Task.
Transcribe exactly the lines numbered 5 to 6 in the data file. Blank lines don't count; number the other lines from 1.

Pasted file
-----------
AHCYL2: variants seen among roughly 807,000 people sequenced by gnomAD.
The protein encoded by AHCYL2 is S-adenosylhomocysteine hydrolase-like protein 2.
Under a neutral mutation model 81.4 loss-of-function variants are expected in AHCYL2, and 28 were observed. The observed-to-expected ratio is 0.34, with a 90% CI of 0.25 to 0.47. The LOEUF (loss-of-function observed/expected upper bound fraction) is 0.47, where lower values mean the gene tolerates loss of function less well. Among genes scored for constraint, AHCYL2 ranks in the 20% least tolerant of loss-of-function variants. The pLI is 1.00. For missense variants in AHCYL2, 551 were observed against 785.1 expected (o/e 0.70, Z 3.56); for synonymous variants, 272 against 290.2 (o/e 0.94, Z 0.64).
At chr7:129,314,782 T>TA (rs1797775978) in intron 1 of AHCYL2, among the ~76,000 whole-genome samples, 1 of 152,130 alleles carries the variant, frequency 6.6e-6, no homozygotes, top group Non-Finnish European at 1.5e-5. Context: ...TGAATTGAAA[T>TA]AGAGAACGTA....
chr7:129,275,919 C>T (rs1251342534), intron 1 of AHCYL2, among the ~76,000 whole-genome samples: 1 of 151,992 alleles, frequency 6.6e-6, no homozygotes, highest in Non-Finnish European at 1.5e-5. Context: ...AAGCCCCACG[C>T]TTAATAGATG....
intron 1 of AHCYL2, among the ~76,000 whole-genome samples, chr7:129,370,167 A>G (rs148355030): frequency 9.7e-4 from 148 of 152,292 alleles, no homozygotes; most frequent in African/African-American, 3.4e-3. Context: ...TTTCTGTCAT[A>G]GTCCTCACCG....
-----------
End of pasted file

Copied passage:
chr7:129,275,919 C>T (rs1251342534), intron 1 of AHCYL2, among the ~76,000 whole-genome samples: 1 of 151,992 alleles, frequency 6.6e-6, no homozygotes, highest in Non-Finnish European at 1.5e-5. Context: ...AAGCCCCACG[C>T]TTAATAGATG....
intron 1 of AHCYL2, among the ~76,000 whole-genome samples, chr7:129,370,167 A>G (rs148355030): frequency 9.7e-4 from 148 of 152,292 alleles, no homozygotes; most frequent in African/African-American, 3.4e-3. Context: ...TTTCTGTCAT[A>G]GTCCTCACCG....